THE BLOG
02/03/2011 07:46 pm ET Updated Nov 17, 2011

The Key to Getting Motivated

If those New Year's Resolutions you made haven't stuck, chances are something was missing in the formula.

The word "motivation" comes from the Latin word for "to move." Motivation is not something you have or do not have, but more like a throttle that has a low, medium and high gear. Highly motivated people know how to rev up this mechanism every day. Focusing on finding your personal form of motivation will prove to be a far more effective way to achieve your goals and maintain them for the years to come.

It's always easy to get going at the beginning of the year when expectations to begin a new program are high, but it's the continuing maintenance of that enthusiasm that most of us find challenging. In order to keep the momentum going into February and beyond, it is important to not only make your goals long-term, but to own them "in the now" and actually embody your goal on a day-to-day basis. How do you do this? Begin with your outlook.

Often, resolutions begin with, "In the new year I want to quit _____," or, "I won't do/eat/drink/smoke _____ anymore." This is a very negative way to approach your goals. Instead, think positive! Specifically, use "I am" statements:

Think of three positive statements that describe the new you -- the healthier, leaner and younger-looking you that will come as a result of your "turnaround." A host of studies confirm that among hospital patients, those who have positive expectations of their outcome tend to heal faster than those who are less hopeful about reaching their goals. It may be because positive expectations trigger a physical healing response while they motivate patients to be compliant and stick with prescribed therapies. In one review of literature, researchers concluded that the association between positive expectations and reaching a health goal was the greatest in studies of people who were trying to lose weight. Further, a 2010 study in the European Heart Journal found that people with positive attitude were about 20 percent less likely than their gloomier peers to have a heart attack or develop heart disease.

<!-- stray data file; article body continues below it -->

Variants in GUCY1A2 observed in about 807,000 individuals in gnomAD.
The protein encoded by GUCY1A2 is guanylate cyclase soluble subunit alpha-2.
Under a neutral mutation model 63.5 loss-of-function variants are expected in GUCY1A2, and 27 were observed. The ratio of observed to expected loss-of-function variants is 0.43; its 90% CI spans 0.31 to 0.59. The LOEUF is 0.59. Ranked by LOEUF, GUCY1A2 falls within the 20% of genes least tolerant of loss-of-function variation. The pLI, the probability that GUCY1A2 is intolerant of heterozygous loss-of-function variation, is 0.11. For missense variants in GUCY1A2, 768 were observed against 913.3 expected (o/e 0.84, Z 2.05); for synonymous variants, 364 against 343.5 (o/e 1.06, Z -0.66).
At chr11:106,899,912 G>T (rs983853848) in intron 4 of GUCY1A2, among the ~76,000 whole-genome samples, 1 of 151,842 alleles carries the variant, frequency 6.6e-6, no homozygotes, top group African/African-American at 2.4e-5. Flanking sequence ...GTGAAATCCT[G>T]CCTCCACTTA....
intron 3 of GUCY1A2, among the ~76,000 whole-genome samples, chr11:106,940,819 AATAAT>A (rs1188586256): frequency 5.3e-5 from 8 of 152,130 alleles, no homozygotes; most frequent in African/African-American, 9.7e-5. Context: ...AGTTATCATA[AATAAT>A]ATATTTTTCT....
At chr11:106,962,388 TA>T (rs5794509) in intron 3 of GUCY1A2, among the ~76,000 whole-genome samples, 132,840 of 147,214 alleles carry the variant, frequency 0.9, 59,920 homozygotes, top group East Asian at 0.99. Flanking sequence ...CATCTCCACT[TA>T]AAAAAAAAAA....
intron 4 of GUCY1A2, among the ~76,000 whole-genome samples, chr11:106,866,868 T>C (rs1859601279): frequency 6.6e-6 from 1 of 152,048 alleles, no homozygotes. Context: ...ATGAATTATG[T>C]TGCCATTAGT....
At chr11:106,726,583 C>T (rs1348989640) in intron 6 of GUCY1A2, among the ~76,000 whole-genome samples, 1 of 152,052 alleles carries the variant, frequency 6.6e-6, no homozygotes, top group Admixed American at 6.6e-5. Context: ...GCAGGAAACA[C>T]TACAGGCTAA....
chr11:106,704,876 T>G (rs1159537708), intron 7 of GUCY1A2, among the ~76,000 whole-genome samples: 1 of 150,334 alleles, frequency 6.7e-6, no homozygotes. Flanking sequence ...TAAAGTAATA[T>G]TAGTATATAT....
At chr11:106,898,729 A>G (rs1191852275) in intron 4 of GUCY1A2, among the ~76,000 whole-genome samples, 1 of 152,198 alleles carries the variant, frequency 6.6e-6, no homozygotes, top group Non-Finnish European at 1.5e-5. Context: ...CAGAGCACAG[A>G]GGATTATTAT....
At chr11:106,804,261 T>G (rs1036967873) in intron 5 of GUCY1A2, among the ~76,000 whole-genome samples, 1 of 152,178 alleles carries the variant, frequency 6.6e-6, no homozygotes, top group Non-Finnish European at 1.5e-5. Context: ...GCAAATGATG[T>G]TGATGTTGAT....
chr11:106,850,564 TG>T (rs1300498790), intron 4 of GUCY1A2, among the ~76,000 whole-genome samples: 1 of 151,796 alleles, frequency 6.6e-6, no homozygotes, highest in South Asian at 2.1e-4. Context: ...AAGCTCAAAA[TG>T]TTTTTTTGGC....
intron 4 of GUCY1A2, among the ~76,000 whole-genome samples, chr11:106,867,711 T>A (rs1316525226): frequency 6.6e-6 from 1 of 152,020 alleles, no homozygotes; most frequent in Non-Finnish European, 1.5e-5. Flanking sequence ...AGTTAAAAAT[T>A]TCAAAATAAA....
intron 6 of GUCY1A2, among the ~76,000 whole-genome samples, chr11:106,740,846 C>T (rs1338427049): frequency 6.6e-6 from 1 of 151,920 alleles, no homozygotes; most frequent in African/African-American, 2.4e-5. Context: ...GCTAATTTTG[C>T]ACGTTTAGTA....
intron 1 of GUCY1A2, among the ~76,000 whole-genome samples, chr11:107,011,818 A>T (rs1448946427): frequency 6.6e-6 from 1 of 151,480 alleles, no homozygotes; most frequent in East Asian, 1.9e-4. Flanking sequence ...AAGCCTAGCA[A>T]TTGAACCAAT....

As you identify positive expectations for your turnaround, ignore statements that describe what you were ("an overweight, middle-aged woman," or "a junkfood addict whose hobby is watching television"). Rather, imagine the person you want to be. Come up with a positive statement in the present tense that describes what you want to personally accomplish. Some examples are:

"I am an incredibly healthy person who eats nutritious, whole foods."
"I am an athlete. I thrive on exercise, especially walking and swimming."
"I am a nondrinker. My body functions much better without toxic chemicals."
"I get plenty of sleep, going to bed early and waking up at least eight hours later."
"I crave water and what it does for my body and skin."
"I enjoy trying whole foods, substituting these for packaged or prepared foods."
"I practice self-care and block time to meditate and practice my deep abdominal breathing each afternoon."

Write down your statements, and then read them out loud. Memorize them, and say them as you fall asleep tonight, and then again upon awakening before you get out of bed.

Finally, make sure you are pursuing your goals for you. Some revealing research has distinguished a key difference between people who make a lifestyle change for extrinsic reasons (for someone or something else) and those who do so because of an intrinsic reason (a strong personal belief). Those who make change for extrinsic reasons, such as their doctor tells them to exercise to reduce the risk of heart disease, usually start out enthusiastically. Yet while the need for change remains in their minds, it is never realized in their heart or emotions. Some studies show that 70 percent of those who make a lifestyle change for extrinsic reasons do not stick with it after a short period of time. In contrast, those people who make lifestyle changes for intrinsic decisions -- because they have a strong inner belief and conviction for making the change -- usually stick with the program and see a dramatic improvement in health and emotional well-being. For instance, when you believe in the health benefits of exercise and you enjoy and are grateful for the time you spend exercising, your belief can spark a profound commitment that keeps you focused and on track.

How do you know if you are an intrinsic exerciser? If you can say to yourself during exercise, "I love to exercise, this feels so good," then you are in! It's like Madonna says; "Exercise is like prayer -- there's no reason to pray if you're not a believer." If you are forcing yourself to stay on the treadmill counting down the seconds until you finish, you haven't yet found a program that works for you, and you will be less likely to maintain this activity in the long run. Keep experimenting until you find that activity that excites you and keeps you coming back for more.

For more Turnaround Tips, read "The 24 Hour Turnaround: The Formula for Permanent Weight Loss, Antiaging, and Optimal Health - Starting Today"